And those bits you store in your screwdriver? They’ll come in handy for the testosterone-boosting, .357 magnum of the tool kit: the cordless drill.
If you have to ask, you don’t understand.
But just for the record, toolmakers could charge much more than the $50 going rate for one of these bad boys, and home repair kings would gladly pony up.
Ball, of Pulte Group, actually recommends a cordless hammer drill, which is twice as expensive as a standard drill. “That really opens up the ability of the tool,” he said. “And it’ll last you a lifetime.” One suggestion: the DeWalt ½-inch, 18-volt Cordless Compact Hammerdrill kit, including battery and charger, for around $220 (dewalt.com).
He also recommends a 1-inch-wide, 25-foot-long tape measure, with a lock. You may never need one that wide, but the first time you encounter a high ceiling and your skinny tape measure droops instead of standing straight, you’ll pine for one.
In the “things that grab” category, pliers are, of course, critical. Buy a standard pair and needle-nose, and add a pair of 12-inch slip-joint pliers, for times when you need maximum torque or a wide mouth (think pipes). “They’re very versatile in general,” Stone said. “They’ll give you a much wider range of options.”
Finally, crown your arsenal with Mole-Grip pliers, commonly known as Vise-Grips.
“If you’re trying to turn that faucet that’s all frozen up, or if you strip the bolt off a bicycle, you’ll need something with some teeth and some leverage,” Ball said. “This will do it.”
Next, wrenches. You’ll need one adjustable wrench and a set of standard and metric wrenches — each with one closed, or “box,” end and one open end. (Shirey said she can do without the wrench set: “I like the adjustable one because I don’t want too many things in my toolbox.”)
A set of socket wrenches — metric and standard — also helps, in the age of unassembled furniture.
Few homeowners or renters will escape their tenure without a shelf-building escapade. You can prevent it from becoming a shelf-building calamity with a level and an electronic stud finder. They’re sold as a unit, but you may want to buy them separately if you like the feel and versatility of a two-foot-long level.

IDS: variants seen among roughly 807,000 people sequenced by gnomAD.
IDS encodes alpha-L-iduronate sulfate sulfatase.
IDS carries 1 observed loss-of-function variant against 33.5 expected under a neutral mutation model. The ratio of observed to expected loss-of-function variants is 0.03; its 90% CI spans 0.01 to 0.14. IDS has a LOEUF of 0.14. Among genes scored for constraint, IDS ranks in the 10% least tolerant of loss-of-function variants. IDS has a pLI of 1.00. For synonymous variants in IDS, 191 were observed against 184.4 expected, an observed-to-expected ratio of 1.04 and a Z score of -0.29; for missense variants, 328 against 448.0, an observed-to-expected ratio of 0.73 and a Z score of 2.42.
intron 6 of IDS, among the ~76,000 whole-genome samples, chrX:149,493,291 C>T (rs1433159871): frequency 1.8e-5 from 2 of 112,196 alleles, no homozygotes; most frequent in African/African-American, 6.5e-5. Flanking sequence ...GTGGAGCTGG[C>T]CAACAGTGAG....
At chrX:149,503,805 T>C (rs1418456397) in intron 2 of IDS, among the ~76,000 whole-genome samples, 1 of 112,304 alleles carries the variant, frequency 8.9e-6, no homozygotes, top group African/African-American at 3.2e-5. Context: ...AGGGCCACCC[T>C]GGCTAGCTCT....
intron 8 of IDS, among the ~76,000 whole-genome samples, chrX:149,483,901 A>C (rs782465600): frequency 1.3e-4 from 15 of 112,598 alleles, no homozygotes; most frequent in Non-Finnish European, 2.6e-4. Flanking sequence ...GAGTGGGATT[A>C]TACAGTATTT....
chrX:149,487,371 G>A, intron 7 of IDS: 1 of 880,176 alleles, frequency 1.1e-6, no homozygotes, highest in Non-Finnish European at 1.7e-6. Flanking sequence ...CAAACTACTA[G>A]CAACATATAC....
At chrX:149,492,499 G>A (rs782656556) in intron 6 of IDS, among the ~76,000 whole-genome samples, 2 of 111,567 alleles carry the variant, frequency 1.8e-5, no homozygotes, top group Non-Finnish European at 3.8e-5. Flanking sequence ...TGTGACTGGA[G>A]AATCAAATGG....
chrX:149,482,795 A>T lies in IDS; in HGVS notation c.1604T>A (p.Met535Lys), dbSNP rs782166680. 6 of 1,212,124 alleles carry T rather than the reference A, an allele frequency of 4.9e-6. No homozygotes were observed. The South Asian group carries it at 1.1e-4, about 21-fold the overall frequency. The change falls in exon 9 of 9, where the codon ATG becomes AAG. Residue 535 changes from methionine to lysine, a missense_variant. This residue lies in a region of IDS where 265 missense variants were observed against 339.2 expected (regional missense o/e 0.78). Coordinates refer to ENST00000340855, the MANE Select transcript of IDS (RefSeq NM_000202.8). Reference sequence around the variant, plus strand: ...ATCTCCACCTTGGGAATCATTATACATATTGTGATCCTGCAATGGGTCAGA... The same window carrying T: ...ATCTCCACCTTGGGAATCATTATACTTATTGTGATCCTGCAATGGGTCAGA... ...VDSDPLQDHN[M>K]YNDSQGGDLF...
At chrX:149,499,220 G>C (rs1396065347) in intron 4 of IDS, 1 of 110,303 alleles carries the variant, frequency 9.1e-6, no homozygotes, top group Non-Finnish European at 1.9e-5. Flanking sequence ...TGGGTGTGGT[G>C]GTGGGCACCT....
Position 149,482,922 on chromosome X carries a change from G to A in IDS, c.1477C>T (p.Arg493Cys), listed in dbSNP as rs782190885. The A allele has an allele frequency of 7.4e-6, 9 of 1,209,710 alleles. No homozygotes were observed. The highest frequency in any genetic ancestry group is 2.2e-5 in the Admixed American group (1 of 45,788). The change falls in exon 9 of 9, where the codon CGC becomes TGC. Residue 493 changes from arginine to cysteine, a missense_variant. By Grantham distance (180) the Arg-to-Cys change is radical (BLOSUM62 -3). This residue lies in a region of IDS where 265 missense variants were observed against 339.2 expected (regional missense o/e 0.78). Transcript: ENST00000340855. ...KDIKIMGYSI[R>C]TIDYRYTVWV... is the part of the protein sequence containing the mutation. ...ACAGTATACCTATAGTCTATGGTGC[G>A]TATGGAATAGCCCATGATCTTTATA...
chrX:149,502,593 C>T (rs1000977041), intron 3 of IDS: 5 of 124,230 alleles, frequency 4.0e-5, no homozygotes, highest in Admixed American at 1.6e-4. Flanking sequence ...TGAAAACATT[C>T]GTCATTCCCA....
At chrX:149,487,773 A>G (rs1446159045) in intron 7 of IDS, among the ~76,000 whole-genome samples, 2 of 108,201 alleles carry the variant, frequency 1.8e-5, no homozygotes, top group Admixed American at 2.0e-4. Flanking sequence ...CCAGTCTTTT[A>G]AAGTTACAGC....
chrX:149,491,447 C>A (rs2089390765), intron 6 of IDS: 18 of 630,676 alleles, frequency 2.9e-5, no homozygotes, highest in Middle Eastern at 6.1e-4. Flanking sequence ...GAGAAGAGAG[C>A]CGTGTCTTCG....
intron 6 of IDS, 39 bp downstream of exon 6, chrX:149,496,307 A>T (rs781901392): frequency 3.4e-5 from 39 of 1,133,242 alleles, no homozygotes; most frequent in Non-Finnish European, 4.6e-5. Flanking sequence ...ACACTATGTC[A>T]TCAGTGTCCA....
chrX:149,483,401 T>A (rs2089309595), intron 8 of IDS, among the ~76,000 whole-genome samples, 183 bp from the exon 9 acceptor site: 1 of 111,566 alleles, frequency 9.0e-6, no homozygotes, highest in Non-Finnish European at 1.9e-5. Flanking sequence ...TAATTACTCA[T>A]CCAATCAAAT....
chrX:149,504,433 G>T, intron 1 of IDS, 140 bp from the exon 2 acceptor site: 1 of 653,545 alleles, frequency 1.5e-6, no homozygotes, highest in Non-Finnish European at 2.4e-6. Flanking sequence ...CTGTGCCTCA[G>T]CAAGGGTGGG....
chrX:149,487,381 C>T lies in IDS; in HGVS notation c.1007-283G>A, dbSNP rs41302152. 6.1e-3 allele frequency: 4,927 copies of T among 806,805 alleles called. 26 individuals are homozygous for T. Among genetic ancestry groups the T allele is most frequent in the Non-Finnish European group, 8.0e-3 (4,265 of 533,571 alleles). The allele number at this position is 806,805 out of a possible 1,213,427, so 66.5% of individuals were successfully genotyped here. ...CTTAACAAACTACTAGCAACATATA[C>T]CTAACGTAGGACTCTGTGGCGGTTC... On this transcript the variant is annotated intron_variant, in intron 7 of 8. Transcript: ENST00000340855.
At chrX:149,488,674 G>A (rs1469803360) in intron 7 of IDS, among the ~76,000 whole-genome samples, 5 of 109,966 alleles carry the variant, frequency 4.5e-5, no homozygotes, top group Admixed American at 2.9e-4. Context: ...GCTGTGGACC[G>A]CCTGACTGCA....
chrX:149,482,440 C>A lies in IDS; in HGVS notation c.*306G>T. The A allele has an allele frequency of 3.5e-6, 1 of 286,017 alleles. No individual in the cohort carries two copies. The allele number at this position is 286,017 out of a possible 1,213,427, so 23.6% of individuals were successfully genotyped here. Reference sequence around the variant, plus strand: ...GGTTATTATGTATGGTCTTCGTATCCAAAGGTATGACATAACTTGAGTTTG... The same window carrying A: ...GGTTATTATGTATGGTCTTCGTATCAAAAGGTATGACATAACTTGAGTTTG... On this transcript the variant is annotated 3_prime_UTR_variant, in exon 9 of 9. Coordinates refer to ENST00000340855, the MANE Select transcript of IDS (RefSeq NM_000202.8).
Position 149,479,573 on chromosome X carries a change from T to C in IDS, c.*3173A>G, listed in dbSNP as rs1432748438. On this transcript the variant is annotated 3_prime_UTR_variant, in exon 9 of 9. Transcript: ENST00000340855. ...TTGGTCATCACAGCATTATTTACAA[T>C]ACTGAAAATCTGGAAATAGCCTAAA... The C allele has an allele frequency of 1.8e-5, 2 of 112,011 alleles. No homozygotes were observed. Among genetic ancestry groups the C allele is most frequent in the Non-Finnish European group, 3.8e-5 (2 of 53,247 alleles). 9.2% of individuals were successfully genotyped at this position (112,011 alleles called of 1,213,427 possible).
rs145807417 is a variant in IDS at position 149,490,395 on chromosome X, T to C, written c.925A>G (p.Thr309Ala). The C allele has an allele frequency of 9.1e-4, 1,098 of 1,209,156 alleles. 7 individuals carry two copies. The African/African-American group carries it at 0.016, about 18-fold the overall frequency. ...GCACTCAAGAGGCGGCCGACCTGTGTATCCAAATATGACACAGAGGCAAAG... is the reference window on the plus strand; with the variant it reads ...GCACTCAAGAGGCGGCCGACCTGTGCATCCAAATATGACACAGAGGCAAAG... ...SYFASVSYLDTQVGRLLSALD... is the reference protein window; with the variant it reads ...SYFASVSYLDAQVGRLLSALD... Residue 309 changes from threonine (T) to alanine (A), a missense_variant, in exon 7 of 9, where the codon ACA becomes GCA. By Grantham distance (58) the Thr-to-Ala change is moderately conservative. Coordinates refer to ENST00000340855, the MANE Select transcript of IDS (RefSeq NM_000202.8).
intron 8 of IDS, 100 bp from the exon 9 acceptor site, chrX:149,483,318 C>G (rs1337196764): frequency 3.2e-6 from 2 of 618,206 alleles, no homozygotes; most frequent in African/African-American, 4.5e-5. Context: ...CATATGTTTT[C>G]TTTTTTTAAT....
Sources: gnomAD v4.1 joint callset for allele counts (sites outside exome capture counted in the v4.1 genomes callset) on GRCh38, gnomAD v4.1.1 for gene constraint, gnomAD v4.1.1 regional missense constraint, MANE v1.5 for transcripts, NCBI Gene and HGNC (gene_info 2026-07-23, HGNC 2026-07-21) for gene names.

If you succeed in building shelves, you may graduate to hanging a door or replacing trim. A foot-long wrecking bar is crucial, especially one with a nicely tapered edge so you can slip it beneath existing wood. “You don’t want to go with anything crude for this,” Stone said. “Otherwise you can damage the wood around the area you’re working on.”
Light carpentry jobs will also require a handsaw small enough to fit in your toolbox. Be sure it cuts as you pull (on the “pull stroke,” that is) since that’s easier than cutting on the push stroke. One popular option is Stanley’s FatMax Single-Edge Pull Saw, about $16.
As an untrained owner of a circular saw who has nearly severed a finger more than once, I was swayed by his advice to eschew circular saws in favor of jigsaws. “They’re fast, and they can cut straight or in curves,” he said. “They’re also way safer.” He recommended the Bosch JS470E 7-amp jigsaw with a top handle, for about $190 (boschtools.com). Another option is Bosch’s 5-amp jigsaw, for around $125.
Toss in a small assortment of screws, drywall fasteners and eight-penny nails, a small notebook (for recording dimensions) and a carpenter’s pencil, and you’re set.
Except for the spray paint, that is.
Shirey marks her tools with a dash of purple spray paint, so everyone knows whose toolbox they belong in. “Everyone in the family has a different color,” she said.
Speaking of which: If you have teenagers, add a combination lock. Give them the combination when you hand them that beautiful old hammer, then invite them over for a shelf-building party.